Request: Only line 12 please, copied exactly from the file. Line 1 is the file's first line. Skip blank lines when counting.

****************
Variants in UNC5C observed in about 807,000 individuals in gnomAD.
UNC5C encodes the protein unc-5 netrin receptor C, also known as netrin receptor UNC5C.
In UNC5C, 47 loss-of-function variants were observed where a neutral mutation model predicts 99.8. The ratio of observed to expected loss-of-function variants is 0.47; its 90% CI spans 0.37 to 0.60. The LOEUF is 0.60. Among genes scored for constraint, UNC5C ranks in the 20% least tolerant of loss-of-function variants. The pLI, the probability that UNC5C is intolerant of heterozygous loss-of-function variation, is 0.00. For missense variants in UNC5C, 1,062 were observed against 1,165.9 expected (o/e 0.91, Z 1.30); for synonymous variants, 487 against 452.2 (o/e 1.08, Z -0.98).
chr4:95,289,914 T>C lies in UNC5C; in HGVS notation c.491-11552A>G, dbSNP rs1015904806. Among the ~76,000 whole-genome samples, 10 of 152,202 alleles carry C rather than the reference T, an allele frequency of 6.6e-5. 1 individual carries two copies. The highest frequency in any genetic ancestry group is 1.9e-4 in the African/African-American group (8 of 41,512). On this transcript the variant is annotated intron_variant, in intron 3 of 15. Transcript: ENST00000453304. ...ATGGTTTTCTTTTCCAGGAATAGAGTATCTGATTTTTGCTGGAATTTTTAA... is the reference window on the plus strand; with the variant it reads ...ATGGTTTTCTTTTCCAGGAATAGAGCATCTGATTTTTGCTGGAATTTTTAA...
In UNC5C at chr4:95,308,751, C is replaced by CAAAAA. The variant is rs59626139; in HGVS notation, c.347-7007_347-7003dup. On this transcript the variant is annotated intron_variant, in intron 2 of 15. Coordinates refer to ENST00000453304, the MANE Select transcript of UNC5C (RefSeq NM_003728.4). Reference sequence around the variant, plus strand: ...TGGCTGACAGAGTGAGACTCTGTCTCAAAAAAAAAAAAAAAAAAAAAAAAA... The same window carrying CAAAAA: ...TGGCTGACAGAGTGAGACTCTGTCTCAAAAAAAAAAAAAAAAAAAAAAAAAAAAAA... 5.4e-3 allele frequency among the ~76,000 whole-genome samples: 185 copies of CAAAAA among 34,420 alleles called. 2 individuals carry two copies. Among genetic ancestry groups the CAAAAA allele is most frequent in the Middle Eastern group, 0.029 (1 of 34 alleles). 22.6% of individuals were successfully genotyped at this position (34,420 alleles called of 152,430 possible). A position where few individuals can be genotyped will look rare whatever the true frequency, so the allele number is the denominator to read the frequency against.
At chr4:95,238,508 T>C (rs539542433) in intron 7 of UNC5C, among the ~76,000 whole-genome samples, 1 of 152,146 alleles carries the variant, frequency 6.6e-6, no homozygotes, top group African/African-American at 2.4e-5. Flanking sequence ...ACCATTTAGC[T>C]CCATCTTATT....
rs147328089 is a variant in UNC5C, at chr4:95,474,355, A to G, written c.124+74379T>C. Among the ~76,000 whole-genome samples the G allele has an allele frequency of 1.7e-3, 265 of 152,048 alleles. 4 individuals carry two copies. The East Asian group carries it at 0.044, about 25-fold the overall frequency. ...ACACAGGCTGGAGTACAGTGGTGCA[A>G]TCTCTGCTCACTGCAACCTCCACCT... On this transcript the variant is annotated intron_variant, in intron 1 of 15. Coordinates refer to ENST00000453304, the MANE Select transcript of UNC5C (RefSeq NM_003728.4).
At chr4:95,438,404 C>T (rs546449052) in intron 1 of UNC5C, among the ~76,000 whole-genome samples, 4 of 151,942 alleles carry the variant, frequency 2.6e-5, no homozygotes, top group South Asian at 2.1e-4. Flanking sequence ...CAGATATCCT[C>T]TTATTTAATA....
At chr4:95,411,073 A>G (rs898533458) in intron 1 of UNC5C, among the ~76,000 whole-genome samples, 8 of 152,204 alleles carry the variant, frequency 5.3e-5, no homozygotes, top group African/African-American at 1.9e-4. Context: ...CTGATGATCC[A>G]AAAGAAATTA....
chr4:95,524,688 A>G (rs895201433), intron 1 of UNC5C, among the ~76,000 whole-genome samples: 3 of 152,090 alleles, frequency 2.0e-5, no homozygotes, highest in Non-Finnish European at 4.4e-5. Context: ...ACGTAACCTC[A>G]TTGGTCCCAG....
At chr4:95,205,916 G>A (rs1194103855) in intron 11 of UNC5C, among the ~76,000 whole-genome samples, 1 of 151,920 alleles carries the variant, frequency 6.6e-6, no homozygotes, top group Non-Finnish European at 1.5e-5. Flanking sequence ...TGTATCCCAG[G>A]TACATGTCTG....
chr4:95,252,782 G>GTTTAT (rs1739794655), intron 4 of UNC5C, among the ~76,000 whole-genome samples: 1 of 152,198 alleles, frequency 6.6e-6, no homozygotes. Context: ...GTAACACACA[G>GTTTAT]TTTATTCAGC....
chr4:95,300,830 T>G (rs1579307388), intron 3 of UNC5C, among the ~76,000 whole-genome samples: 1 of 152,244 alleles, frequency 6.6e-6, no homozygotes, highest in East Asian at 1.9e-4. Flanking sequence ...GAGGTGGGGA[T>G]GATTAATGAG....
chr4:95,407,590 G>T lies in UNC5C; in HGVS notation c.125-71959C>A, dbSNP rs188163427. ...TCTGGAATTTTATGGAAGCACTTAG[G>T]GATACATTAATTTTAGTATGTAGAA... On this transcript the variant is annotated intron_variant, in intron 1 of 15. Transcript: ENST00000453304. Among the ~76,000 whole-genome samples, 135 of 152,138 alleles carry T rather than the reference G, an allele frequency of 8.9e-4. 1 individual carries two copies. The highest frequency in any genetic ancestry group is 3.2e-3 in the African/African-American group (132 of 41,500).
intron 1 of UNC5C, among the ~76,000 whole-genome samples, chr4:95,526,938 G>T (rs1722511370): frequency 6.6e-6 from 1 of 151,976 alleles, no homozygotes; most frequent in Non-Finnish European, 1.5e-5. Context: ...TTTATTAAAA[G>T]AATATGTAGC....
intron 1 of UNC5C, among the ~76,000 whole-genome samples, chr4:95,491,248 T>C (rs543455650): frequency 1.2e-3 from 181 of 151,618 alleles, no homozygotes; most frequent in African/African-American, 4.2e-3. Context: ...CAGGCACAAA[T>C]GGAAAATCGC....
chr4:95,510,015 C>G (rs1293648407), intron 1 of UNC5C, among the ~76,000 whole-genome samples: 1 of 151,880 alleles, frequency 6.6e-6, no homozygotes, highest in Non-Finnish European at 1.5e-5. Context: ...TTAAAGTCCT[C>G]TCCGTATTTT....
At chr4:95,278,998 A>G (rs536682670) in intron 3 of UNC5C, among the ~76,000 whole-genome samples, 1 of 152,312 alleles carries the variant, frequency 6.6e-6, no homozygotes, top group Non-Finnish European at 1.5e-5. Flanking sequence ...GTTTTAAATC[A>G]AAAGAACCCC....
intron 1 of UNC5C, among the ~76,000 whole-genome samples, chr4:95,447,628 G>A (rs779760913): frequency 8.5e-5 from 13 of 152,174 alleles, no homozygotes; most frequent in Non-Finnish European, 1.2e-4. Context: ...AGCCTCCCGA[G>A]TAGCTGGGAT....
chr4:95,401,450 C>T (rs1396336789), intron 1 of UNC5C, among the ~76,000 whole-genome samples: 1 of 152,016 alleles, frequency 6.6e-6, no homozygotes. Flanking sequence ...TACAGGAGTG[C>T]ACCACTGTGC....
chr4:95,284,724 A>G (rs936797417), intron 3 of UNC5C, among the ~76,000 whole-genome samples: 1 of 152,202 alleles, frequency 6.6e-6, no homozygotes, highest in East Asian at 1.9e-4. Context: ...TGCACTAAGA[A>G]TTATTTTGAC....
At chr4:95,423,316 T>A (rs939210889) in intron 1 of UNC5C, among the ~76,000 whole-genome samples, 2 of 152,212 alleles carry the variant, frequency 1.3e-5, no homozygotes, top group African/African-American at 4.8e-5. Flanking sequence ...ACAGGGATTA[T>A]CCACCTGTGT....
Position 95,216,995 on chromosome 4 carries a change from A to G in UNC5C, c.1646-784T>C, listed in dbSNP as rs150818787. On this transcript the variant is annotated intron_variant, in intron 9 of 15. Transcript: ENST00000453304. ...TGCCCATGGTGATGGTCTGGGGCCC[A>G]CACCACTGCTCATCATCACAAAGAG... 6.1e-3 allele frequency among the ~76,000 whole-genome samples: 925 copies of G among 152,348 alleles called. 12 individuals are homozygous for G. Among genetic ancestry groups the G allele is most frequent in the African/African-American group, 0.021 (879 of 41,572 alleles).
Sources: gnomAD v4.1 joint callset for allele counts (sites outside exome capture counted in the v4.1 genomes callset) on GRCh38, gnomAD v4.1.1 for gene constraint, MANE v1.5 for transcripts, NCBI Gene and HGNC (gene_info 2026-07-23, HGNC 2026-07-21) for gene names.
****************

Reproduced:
chr4:95,252,782 G>GTTTAT (rs1739794655), intron 4 of UNC5C, among the ~76,000 whole-genome samples: 1 of 152,198 alleles, frequency 6.6e-6, no homozygotes. Context: ...GTAACACACA[G>GTTTAT]TTTATTCAGC....